Why Geithner's Treasury leadership proved divisive
Washington • President Barack Obama has saluted the outgoing Timothy Geithner as one of the best U.S. Treasury secretaries ever. He's surely been among the most contentious.
Not since the Great Depression had an administration inherited so many grave financial threats at once. To many, Geithner deserves credit for helping steady the banking system and helping restore investor confidence. Yet his toughest critics say Geithner's policies consistently favored big banks over ordinary struggling Americans.
When Geithner became Treasury secretary in January 2009, the economy had sunk into a deep recession. Unemployment was surging. Stock prices were sinking. The financial system was teetering.
Geithner, whose last day in office is Friday, was an administration point man on all these issues. Here's a look at some of the crises the Treasury confronted on his watch:
In the bleakest days of the financial crisis in 2008, the Bush administration got Congress to approve a $700 billion government bailout fund: the Troubled Asset Relief Program, or TARP.
By the time Geithner took office, billions had been handed out to the biggest banks. Many were considered at risk of failing because of their huge investments in subprime mortgages that were souring.
Opponents charged that TARP, a taxpayer-funded bailout, let banks evade responsibility for reckless gambles. Geithner countered that the banking system had to be stabilized. The bailout was deemed necessary to get credit, the essential lubricant for an economy, flowing again.
In the end, the banking system was bolstered with the help of TARP and a separate Geithner initiative requiring the largest banks to undergo "stress tests." The tests calmed investors by showing that the banks could withstand an even worse downturn.
TARP distributed $245 billion to banks. So far, it's brought back $268 billion for a return of $23 billion.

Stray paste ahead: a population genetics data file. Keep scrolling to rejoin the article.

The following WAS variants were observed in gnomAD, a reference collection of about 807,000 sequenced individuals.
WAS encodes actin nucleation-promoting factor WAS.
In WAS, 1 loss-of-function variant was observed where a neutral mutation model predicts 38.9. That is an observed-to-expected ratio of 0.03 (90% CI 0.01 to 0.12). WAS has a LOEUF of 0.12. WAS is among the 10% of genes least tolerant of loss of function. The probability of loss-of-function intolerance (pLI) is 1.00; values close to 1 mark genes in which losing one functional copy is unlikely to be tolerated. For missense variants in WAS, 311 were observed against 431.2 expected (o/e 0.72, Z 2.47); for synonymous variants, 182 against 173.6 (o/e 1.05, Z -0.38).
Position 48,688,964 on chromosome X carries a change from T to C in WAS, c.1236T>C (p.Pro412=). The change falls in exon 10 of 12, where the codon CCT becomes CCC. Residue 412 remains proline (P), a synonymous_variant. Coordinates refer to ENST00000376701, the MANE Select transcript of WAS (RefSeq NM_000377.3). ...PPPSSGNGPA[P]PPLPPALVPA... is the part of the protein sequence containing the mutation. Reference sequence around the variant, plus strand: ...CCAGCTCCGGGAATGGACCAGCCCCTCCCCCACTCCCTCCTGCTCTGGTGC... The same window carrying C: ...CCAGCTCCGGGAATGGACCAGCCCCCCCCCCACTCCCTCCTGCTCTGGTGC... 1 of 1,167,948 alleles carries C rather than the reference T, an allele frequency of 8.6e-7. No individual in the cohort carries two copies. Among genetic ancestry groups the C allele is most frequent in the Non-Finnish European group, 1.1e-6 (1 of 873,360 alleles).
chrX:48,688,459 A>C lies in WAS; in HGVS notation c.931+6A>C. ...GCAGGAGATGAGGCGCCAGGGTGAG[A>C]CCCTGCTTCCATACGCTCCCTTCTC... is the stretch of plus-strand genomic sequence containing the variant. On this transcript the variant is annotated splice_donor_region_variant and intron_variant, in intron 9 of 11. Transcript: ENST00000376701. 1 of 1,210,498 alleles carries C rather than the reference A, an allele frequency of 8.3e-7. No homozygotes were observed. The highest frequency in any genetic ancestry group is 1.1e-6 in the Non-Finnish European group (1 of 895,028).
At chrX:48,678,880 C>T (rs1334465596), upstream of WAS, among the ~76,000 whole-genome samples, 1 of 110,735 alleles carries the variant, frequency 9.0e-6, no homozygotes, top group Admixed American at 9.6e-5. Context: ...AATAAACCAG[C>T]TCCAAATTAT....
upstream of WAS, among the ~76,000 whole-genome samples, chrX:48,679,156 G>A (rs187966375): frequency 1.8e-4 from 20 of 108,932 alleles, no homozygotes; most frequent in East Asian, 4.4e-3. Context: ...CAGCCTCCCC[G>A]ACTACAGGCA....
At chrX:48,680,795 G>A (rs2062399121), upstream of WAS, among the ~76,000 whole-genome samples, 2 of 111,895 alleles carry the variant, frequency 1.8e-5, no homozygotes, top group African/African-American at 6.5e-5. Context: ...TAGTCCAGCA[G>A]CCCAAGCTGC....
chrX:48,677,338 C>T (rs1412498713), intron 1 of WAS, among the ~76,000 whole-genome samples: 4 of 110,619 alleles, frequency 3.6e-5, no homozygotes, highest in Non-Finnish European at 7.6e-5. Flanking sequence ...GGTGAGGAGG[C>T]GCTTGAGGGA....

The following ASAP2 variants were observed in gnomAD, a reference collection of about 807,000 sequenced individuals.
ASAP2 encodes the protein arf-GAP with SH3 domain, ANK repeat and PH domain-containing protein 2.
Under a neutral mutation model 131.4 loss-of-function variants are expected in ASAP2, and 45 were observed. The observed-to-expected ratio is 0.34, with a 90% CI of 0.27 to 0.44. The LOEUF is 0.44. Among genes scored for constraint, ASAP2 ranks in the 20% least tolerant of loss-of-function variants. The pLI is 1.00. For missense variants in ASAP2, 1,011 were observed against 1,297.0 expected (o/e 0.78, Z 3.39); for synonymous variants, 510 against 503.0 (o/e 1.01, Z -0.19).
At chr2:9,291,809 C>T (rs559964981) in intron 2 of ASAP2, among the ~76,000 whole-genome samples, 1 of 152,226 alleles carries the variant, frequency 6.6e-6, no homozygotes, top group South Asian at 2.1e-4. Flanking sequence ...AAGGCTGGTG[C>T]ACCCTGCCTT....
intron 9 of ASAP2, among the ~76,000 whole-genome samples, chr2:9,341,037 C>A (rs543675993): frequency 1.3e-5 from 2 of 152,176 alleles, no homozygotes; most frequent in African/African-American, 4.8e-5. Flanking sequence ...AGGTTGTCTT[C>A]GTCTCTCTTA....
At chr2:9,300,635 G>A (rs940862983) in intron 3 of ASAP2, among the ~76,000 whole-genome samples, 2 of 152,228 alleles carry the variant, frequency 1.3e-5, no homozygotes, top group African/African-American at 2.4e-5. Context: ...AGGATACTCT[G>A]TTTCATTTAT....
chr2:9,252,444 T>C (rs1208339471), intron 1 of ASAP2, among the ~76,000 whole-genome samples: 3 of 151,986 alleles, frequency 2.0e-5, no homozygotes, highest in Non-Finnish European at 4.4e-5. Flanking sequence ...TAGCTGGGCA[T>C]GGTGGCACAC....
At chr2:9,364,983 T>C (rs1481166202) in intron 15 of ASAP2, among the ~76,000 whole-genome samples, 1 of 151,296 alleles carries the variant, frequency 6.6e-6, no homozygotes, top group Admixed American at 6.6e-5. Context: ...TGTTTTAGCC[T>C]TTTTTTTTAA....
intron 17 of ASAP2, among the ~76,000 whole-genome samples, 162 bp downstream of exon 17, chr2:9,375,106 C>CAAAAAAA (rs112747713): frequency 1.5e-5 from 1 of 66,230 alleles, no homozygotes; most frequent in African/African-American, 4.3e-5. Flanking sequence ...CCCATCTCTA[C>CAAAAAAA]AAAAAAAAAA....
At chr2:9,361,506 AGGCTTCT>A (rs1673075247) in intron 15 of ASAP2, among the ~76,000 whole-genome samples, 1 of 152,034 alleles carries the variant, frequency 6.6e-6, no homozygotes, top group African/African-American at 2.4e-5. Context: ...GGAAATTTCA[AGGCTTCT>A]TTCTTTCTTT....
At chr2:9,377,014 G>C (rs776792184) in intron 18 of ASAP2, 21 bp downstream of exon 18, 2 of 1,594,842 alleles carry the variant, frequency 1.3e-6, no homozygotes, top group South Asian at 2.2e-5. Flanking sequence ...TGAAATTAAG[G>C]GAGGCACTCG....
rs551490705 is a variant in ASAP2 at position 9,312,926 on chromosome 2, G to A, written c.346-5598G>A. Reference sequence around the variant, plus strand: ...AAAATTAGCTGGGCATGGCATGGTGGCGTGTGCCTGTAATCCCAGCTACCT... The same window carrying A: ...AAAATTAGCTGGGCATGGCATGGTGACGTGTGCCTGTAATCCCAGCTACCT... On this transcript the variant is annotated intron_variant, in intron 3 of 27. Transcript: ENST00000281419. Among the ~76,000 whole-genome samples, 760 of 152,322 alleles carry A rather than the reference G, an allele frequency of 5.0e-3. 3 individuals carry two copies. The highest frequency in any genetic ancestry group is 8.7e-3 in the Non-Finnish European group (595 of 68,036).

Critics argue that under Geithner, the government failed to ensure that banks would use their TARP money to lend more to businesses and homeowners.
Geithner's approach won't prevent future crises, opponents further argue. They say big banks still feel free to make risky bets because of an implicit guarantee: that if their gambles fail, the government will save them, and the banks' executives won't be held accountable.
"Secretary Geithner protected the interest of the largest financial institutions, and we will pay a very heavy price for that," said Neil Barofsky, who was the government's top watchdog for TARP.
Many private economists are less critical. They say Geithner achieved the fundamental goal of stabilizing the U.S. financial system without damaging the economy.
"The effort was a success and vitally necessary for ending the Great Recession and starting a recovery," said Mark Zandi, chief economist at Moody's Analytics.
Geithner and the administration endured intense criticism for giving bailout aid outside the banking system to American International Group.
The insurance giant represented everything the public detested about the government bailouts: Its rescue was the costliest at $182 billion. It spent $440,000 on spa treatments for executives only days after its rescue. It gave millions in bonuses to top executives, including those who'd made the risky bets that had unraveled AIG.
Geithner, who led the Federal Reserve Bank of New York before heading Treasury, was involved in the decision to save AIG in September 2008 and oversaw its bailout as Treasury secretary. Some of the rescue money went to fully repay banks that had invested in AIG. Critics called this a giveaway to banks that should have had to accept less than full payment.
Geithner and Federal Reserve Chairman Ben Bernanke have said that letting AIG fail would have threatened the entire U.S. financial system, in part because of AIG's outsize role in selling credit default swaps. These swaps were insurance-like guarantees on mortgage bonds. They required AIG to pay billions once the housing market went bust.
Supporters note that the government ended up profiting on its investment. AIG has repaid all the bailout money, and the government made $22.7 billion more than it provided.